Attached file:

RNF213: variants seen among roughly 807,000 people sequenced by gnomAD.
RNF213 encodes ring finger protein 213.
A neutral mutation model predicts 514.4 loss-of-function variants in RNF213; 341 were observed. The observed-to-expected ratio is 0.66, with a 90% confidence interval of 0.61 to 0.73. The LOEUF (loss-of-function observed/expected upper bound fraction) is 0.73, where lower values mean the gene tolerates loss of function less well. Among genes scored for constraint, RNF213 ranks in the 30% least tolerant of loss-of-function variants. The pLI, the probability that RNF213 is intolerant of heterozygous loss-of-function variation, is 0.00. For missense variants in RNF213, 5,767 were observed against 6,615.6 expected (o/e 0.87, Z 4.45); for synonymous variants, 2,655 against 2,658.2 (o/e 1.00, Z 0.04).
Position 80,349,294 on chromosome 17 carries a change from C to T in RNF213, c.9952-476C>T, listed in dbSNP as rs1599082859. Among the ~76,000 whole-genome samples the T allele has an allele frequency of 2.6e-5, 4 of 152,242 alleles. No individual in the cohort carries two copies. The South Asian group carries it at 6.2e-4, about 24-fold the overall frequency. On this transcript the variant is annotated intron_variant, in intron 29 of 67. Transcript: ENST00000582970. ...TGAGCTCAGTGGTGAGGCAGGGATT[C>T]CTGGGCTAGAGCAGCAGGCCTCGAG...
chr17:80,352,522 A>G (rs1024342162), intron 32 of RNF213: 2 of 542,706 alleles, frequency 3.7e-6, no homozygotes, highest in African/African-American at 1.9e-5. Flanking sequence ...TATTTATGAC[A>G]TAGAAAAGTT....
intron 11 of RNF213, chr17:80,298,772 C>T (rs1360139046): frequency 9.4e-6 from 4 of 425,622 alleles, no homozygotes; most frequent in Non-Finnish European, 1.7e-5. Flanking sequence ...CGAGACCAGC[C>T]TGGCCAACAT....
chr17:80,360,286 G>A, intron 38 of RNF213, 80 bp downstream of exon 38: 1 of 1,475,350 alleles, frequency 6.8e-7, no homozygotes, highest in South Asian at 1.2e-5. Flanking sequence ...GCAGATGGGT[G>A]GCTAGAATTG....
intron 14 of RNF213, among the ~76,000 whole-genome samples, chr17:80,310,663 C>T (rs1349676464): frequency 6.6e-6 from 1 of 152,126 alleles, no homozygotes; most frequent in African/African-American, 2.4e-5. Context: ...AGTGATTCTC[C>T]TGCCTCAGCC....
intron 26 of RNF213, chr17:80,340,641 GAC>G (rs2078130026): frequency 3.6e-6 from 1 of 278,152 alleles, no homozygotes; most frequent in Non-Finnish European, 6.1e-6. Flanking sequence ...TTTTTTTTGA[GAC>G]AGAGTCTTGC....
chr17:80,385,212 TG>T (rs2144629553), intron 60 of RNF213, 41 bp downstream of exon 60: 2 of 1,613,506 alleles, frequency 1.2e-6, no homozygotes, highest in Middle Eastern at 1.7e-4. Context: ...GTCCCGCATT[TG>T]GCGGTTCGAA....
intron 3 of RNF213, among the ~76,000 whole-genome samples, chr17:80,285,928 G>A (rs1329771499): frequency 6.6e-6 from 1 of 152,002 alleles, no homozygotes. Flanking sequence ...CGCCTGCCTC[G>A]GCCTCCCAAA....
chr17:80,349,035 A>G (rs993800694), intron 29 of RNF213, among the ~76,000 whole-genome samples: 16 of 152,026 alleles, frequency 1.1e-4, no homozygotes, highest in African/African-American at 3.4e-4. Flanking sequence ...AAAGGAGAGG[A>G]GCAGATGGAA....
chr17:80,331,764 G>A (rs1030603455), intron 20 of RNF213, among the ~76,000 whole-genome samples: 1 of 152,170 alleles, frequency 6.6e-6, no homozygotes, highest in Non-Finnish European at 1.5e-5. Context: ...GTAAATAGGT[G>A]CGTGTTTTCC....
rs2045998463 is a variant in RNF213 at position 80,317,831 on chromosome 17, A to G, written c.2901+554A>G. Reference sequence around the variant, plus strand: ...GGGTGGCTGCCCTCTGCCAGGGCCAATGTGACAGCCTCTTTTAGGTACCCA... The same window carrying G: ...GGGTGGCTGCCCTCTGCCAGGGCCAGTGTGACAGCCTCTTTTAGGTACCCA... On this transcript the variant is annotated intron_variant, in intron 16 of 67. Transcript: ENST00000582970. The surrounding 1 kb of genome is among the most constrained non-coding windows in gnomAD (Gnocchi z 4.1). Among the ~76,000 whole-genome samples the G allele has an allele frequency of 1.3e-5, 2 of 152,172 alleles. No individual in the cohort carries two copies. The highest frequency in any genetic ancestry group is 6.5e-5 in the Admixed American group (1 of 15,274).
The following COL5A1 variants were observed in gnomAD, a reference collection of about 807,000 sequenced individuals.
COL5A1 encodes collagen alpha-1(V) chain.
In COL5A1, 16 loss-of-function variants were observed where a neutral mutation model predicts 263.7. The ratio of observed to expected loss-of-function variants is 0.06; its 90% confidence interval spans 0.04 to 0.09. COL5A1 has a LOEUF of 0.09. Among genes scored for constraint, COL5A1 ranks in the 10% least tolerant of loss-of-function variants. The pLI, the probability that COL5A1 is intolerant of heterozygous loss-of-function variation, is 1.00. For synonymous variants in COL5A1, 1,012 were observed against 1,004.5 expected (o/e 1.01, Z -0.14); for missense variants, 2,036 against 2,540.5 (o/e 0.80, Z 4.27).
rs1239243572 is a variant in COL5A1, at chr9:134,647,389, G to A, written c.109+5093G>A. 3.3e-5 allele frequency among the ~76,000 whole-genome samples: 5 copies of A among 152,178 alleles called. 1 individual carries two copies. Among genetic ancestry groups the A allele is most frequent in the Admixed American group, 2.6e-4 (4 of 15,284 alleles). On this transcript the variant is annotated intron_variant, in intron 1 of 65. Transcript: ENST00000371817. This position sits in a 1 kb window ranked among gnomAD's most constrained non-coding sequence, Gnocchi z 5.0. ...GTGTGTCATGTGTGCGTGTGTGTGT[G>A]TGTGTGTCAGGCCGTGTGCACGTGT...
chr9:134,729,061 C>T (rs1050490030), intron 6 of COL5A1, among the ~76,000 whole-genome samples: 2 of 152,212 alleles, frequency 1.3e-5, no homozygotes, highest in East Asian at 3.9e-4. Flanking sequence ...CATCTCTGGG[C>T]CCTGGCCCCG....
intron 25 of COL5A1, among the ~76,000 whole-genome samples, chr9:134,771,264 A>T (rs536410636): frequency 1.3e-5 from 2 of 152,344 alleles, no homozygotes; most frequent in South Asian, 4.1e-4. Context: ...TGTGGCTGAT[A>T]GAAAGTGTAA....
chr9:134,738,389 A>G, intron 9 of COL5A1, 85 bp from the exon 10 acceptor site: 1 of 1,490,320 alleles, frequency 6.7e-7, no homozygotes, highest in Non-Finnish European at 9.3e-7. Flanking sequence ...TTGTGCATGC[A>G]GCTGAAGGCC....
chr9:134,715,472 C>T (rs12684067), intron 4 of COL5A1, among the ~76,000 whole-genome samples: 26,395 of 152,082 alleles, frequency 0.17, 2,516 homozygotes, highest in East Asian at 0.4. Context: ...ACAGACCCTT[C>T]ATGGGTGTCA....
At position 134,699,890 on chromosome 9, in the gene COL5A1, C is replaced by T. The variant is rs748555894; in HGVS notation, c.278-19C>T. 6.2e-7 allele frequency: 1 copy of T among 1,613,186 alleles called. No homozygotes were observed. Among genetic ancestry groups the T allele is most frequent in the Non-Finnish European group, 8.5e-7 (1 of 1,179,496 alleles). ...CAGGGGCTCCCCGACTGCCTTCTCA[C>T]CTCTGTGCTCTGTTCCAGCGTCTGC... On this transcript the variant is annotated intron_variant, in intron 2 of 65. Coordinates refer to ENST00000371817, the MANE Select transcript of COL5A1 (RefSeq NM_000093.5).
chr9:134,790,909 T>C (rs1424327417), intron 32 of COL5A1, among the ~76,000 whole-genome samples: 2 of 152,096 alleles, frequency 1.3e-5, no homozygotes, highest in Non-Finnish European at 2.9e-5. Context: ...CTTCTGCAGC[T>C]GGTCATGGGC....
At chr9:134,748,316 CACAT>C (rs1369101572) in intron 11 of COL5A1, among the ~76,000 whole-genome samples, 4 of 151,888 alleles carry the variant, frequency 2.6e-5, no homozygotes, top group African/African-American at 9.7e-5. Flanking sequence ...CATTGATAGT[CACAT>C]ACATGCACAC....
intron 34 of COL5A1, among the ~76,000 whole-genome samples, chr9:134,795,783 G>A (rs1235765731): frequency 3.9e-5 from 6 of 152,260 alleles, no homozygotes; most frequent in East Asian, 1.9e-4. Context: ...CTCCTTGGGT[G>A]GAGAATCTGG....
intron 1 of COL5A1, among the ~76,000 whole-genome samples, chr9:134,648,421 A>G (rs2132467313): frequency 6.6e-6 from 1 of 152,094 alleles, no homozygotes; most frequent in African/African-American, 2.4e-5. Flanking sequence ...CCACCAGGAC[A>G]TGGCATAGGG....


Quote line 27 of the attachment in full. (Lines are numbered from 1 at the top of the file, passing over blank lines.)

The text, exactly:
intron 1 of COL5A1, among the ~76,000 whole-genome samples, chr9:134,648,421 A>G (rs2132467313): frequency 6.6e-6 from 1 of 152,094 alleles, no homozygotes; most frequent in African/African-American, 2.4e-5. Flanking sequence ...CCACCAGGAC[A>G]TGGCATAGGG....